It would be better to init the limit in the driver for this version of OMAP.

Even if you do that someone still needs to turn on and off the limit dynamically or create a custom governor.

Until that kind of smart control is pervasive it is safer to just put the interface a layer down for expert use.

But like I was saying, people are free to set the clock to what ever they want.  On a properly characterized part it might even be safe for many years.  A 3440 will sit well above 600MHz in nominal.

Regards,
Richard W.
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Kevin Hilman Jan. 30, 2009, 11:21 p.m. UTC | #2
"Woodruff, Richard" <r-woodruff2@ti.com> writes:

>>In fact, you wouldn't even need a custom governor.
>> To avoid governor picking overdrive OPP:
>>
>> # echo 550000 > /sys/devices/system/cpu/cpu0/cpufreq/scaling_max_freq
>>
>> To allow overdrive:
>>
>> # echo 600000 > /sys/devices/system/cpu/cpu0/cpufreq/scaling_max_freq
>
> Sure. Now is someone going to fix up every root file system which users have around.

I'm not suggesting this as the standard way.  The point was to say
that a custom governor is not the only way.

> It would be better to init the limit in the driver for this version of OMAP.

Agreed.

CPUfreq policy is just as easily set in the kernel at init time.  Then
the default would be set right, and the rootfs would be left to change
it if desired.

Kevin

> Even if you do that someone still needs to turn on and off the limit
> dynamically or create a custom governor.
>
> Until that kind of smart control is pervasive it is safer to just put the interface a layer down for expert use.
>
> But like I was saying, people are free to set the clock to what ever they want.  On a properly characterized part it might even be safe for many years.  A 3440 will sit well above 600MHz in nominal.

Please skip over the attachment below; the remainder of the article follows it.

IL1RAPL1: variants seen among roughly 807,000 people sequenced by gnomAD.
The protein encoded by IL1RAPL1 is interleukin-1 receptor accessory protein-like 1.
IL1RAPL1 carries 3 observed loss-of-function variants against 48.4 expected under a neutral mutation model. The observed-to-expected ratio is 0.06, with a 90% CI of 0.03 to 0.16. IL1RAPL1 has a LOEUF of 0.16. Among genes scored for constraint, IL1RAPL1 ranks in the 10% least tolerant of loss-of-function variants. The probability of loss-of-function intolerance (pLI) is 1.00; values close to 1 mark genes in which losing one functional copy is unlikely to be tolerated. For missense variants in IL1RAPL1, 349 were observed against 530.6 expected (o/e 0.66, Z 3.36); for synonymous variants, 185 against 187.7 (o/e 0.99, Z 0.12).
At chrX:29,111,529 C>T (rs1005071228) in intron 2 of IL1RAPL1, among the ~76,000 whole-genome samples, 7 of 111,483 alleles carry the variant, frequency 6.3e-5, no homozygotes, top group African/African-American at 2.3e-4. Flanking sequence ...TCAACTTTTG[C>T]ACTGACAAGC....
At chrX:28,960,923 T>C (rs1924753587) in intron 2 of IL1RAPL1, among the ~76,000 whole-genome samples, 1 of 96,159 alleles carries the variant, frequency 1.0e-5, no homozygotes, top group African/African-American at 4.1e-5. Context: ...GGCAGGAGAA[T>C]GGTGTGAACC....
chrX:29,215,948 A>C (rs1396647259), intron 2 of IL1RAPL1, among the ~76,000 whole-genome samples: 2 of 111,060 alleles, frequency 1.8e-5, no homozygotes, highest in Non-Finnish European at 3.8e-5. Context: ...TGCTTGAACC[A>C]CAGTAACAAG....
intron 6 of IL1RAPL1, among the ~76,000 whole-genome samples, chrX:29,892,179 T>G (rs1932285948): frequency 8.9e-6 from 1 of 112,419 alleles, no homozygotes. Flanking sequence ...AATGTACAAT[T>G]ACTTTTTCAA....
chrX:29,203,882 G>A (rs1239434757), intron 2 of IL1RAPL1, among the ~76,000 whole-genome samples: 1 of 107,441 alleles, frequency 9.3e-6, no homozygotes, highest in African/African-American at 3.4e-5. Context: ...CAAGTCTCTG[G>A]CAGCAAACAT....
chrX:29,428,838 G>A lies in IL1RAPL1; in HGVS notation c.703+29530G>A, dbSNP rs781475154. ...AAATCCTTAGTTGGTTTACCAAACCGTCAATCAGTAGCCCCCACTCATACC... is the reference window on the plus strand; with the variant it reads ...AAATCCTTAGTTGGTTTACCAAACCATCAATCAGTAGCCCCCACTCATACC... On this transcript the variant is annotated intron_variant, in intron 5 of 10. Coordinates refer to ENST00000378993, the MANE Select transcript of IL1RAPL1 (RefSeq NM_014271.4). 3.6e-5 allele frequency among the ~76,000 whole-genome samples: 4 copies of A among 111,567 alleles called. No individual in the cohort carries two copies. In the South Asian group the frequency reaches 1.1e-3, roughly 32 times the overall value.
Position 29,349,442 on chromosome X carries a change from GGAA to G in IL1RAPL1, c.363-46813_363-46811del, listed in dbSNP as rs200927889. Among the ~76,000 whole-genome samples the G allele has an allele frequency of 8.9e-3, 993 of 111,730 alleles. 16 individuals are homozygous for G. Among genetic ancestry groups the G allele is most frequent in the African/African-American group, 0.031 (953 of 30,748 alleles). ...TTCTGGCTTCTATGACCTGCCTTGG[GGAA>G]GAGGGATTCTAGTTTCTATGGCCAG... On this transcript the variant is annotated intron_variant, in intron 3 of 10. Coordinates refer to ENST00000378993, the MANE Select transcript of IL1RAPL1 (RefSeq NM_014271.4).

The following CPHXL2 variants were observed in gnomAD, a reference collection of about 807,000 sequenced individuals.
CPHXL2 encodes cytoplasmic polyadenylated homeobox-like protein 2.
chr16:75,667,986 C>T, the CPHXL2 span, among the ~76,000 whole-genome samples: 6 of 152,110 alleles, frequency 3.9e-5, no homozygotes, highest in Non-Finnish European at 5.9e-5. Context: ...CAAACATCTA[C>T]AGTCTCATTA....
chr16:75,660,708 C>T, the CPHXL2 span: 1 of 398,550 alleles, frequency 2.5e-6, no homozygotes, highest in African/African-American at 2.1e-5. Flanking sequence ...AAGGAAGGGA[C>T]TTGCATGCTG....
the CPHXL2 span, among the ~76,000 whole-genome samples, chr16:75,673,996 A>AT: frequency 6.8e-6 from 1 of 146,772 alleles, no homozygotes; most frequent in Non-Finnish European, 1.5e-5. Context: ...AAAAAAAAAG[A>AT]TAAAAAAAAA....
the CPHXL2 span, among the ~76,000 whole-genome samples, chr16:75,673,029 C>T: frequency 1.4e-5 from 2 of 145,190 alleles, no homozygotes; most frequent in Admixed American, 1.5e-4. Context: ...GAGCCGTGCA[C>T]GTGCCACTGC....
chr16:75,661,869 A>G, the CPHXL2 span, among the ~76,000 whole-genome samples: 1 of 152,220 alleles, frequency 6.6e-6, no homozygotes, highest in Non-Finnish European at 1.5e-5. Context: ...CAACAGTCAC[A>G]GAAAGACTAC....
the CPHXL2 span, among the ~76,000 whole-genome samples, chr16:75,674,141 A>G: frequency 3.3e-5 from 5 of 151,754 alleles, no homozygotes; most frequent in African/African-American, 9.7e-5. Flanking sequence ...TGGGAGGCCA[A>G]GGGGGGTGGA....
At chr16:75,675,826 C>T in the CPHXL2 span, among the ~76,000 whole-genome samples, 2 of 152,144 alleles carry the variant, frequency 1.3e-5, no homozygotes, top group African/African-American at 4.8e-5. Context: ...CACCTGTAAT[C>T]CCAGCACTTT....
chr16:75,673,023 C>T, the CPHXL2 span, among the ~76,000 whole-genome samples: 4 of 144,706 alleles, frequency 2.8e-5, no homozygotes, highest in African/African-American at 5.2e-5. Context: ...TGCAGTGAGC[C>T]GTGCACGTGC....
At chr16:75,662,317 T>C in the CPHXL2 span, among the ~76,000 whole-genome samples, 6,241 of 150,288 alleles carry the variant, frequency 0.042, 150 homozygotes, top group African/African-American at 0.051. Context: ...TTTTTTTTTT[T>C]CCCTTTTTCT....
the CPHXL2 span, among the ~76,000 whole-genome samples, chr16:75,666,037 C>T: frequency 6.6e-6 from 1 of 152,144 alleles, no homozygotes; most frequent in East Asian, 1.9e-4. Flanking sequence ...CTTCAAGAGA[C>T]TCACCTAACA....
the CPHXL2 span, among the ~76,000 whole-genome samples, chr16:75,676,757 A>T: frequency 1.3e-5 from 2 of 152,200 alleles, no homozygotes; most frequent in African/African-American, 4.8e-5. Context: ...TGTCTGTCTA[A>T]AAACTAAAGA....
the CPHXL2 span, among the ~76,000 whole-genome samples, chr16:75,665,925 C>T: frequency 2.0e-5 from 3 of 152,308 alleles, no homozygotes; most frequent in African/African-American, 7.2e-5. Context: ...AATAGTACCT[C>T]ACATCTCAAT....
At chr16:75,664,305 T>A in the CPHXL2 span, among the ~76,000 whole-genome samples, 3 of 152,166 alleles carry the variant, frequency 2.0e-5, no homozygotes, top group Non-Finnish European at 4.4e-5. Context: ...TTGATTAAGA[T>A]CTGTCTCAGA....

>
> Regards,
> Richard W.
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Igor Stoppa Jan. 31, 2009, 11:18 a.m. UTC | #3
On Sat, 2009-01-31 at 00:21 +0100, ext Kevin Hilman wrote:

> CPUfreq policy is just as easily set in the kernel at init time.  Then
> the default would be set right, and the rootfs would be left to change
> it if desired.

But in general the situation is more complex and knowledge about the
packaging and its thermal model is needed.

Note that with packaging i refer to both the omap package (does it use
stacked memory or not, is it a memory combo, etc) and the _device_
package.

Not getting errors is not a good indication that the system is really
operating in a safe mode; the device might be stable all the time but
its life be more than halved.

Patch
diff mbox

diff --git a/arch/arm/mach-omap2/clock34xx.c b/arch/arm/mach-omap2/clock34xx.c
index 2389eb6..e9a75a3 100644
--- a/arch/arm/mach-omap2/clock34xx.c
+++ b/arch/arm/mach-omap2/clock34xx.c
@@ -698,8 +698,7 @@  void omap2_clk_init_cpufreq_table(struct cpufreq_frequency_table **table)
 	if (!mpu_opps)
 		return;
 
-	/* Avoid registering the 120% Overdrive with CPUFreq */
-	prcm = mpu_opps + MAX_VDD1_OPP - 1;
+	prcm = mpu_opps + MAX_VDD1_OPP;
 	for (; prcm->rate; prcm--) {
 		freq_table[i].index = i;
 		freq_table[i].frequency = prcm->rate / 1000;